Communities In Schools of Peninsula colleague Cathy Rich shared with me a whole other side to her life pattern.
She joined 21 college students from Youth With A Mission — an evangelical inter-denominational, nonprofit Christian missionary organization — from greater Gig Harbor in Ensenada, Mexico, over the Martin Luther King holiday week to build a house for a needy family. Most were from the Peninsula area who took time off from school, jobs and activities to participate.
The group gathered in San Diego on Friday morning and crossed the Mexican border in vans. They then drove to the YWAM Ensenada base, where they stayed in dorm-style facilities. On Saturday, the group arrived by bus at the build site on the top of a hill.
“In groups, some of us worked on framing the house, others built trusses or painted,” Rich said. “By day’s end, we’d framed the 16-by-16-foot house, and put on the roof. The next day we finished roofing, began sheet-rocking the interior, painting and trimming. It turned out beautiful!
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“The young family we built the house for and extended members of the family worked with us, including the father of the young mom who drove three hours to help us.”
Washington State University freshman Abby Glover recalled, “The family we built for has lived in poverty for years and has nothing compared to average Americans. They were joyful and loving toward everyone and eager to help build. Even neighbor kids joined the paint team and had an absolute blast. The family was so full of love for each other; I believe it rubbed off on every member of our group.”
Team members took the young family to WalMart, where they picked out needed items for their new home. All the team members donated money for this.
“The young mom had never been to a Walmart, so it was quite a wonderful surprise for her,” Rich said.
“We had a symbolic Key Ceremony for the family, presenting them with the key to their new home,” she said. “There were many tears.”
“Ironically it was my daughters who encouraged me to step out of my comfort zone and serve others,” said Rich. “They’ve spent several summers volunteering at an orphanage in Ensenada, and I have always been amazed at how it transformed their views on life. Now I understand why. The joy you feel helping another human being cannot be matched. It is humbling and gives you a new perspective on the struggles people face on a global scale.”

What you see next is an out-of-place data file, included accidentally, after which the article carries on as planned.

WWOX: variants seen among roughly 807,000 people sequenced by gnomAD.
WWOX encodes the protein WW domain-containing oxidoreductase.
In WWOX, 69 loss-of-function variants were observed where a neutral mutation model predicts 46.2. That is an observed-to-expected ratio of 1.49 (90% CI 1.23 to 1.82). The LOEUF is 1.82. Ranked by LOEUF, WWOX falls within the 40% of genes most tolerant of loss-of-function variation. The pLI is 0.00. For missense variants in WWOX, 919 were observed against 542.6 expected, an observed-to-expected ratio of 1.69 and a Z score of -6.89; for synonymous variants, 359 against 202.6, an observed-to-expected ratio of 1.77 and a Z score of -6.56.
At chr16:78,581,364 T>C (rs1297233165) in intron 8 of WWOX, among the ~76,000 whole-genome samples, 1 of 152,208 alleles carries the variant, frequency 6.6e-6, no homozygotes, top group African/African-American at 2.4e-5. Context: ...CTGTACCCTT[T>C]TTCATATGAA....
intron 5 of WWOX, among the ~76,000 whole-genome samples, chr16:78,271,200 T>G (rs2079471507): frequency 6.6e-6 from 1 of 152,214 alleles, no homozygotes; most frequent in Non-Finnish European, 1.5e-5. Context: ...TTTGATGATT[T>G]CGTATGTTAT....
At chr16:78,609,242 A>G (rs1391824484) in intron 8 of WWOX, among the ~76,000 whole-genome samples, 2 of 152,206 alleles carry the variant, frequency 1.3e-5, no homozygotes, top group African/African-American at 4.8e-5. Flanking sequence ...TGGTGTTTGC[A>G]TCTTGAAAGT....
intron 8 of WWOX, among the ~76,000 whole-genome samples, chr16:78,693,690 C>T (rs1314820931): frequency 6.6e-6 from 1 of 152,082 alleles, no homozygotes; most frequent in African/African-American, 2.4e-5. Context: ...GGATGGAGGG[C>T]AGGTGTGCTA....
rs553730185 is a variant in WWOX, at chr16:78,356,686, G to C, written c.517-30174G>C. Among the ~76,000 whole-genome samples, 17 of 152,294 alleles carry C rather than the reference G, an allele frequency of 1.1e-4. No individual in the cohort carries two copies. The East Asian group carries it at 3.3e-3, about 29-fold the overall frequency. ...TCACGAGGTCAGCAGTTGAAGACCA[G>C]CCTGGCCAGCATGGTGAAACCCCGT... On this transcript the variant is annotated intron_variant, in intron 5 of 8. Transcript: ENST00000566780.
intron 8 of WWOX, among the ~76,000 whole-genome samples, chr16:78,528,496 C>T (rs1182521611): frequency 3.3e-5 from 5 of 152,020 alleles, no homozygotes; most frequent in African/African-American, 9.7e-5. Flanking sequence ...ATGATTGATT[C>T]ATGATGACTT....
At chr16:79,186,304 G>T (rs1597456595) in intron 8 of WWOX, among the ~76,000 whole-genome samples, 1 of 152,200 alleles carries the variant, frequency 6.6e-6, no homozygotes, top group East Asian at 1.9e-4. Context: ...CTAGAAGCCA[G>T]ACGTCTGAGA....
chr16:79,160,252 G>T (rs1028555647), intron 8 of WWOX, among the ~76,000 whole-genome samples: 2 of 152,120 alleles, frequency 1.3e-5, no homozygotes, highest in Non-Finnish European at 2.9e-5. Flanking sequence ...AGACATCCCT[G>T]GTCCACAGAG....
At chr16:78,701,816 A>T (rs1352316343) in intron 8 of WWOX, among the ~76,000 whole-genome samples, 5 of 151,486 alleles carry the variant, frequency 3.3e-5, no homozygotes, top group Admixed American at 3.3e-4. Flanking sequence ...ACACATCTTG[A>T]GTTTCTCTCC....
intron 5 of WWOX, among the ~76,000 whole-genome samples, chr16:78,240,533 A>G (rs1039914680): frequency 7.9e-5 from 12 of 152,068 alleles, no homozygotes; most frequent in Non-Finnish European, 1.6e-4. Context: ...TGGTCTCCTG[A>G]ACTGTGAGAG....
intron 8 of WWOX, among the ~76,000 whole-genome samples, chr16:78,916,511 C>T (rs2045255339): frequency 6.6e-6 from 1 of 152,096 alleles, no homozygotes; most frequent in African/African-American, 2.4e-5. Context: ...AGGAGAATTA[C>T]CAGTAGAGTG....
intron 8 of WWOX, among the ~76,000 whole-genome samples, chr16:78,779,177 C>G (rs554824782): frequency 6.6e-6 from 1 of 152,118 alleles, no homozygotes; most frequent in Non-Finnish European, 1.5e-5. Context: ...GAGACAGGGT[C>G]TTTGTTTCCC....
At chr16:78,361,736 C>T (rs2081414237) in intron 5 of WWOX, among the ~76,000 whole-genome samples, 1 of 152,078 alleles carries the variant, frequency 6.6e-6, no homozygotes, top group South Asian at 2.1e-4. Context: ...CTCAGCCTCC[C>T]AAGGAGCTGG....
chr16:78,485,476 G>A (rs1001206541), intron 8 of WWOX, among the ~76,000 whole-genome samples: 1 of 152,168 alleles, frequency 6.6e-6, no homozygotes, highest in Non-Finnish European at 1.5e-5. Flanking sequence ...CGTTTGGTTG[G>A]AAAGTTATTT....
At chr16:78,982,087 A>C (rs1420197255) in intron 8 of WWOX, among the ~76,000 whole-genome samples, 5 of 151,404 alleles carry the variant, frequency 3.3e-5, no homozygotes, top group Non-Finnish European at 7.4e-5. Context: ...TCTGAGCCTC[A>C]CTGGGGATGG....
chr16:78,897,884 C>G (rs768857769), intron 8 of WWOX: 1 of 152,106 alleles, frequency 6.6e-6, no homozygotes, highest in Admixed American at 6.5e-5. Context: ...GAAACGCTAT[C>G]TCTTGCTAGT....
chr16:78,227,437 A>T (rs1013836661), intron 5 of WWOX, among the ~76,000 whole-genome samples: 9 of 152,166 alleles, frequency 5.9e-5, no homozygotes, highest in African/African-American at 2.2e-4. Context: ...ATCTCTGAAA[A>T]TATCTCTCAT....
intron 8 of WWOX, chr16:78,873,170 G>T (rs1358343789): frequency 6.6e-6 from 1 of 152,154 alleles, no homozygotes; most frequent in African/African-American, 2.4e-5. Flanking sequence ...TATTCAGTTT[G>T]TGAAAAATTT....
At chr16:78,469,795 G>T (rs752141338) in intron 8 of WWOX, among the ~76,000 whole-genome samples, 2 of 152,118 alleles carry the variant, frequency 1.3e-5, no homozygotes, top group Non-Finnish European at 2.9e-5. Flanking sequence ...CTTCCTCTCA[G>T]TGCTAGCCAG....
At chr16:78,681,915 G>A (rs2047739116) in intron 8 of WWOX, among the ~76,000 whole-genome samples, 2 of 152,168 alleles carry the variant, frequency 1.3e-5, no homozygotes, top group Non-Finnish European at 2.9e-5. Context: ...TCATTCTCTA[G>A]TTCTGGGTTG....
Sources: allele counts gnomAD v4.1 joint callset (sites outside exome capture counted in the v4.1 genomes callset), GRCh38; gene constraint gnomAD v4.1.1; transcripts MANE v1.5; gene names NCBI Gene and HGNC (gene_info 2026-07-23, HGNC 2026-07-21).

Oregon State University senior Madi Rich’s best memory of the trip was working alongside the family and neighbors to build the house.
“I was on the painting crew and the kids didn’t hesitate to pick up a paint brush and help paint the house — and their faces,” she said. “This house will provide many benefits. Children who return from school to a home are more likely to be successful.”
Near Ensenada, the team visited Rancho El Milagro orphanage, which several team members have been serving in summers, brought pizza, had a pizza party with the kids, and played soccer with them a few hours renewing friendships.
WSU junior Chad Glover said, “We brought used Gig Harbor Little League jerseys that were way too big, but when we gave them to the kids, their faces lit up. They were happy getting something new and didn’t care how old or how it fit. I have never seen kids so happy. These people have so little, yet are so happy and hospitable. The kids never stopped smiling and always wanted to help. Even a little thing like a box of crayons meant the world to them.”
YWAM is a non-denominational organization involving youth in serving others around the globe. Volunteers work in 1,100 locations in over 180 countries serving in children youth ministries, bringing medical attention to remote areas, building homes for the needy, etc. Homes of Hope, one of YWAM’s ministries, was launched in 2006 to provide adequate housing for needy families in 21 of the poorest nations. It impacts over 350 families per year. Each house costs about $8,000 to build.
Harbor Christian Church sponsored this house build. Its members donated more than $16,000 last year, enabling two homes to be built through Homes of Hope.
Gonzaga University sophomore Abbey Rich’s favorite part of the trip was getting to work on the house with the family.
“They were so full of love and humility and worked alongside us every step of the way,” she said. “They reminded us what it’s like to find true joy in the little things.”
WSU senior Jenni Glover, the most advanced Spanish speaker on the team, helped members talk to the family, maneuver their way through Mexico, and develop friendships with the people of the neighborhood the team was building in.
“Personally, I got really close with Rubi, the mother of the family, and her younger sister Ruth. We chatted for hours about everything; it was like we were old friends,” Glover said.
Hugh McMillan is a longtime contributing writer for the Gateway. He can be reached at email@example.com.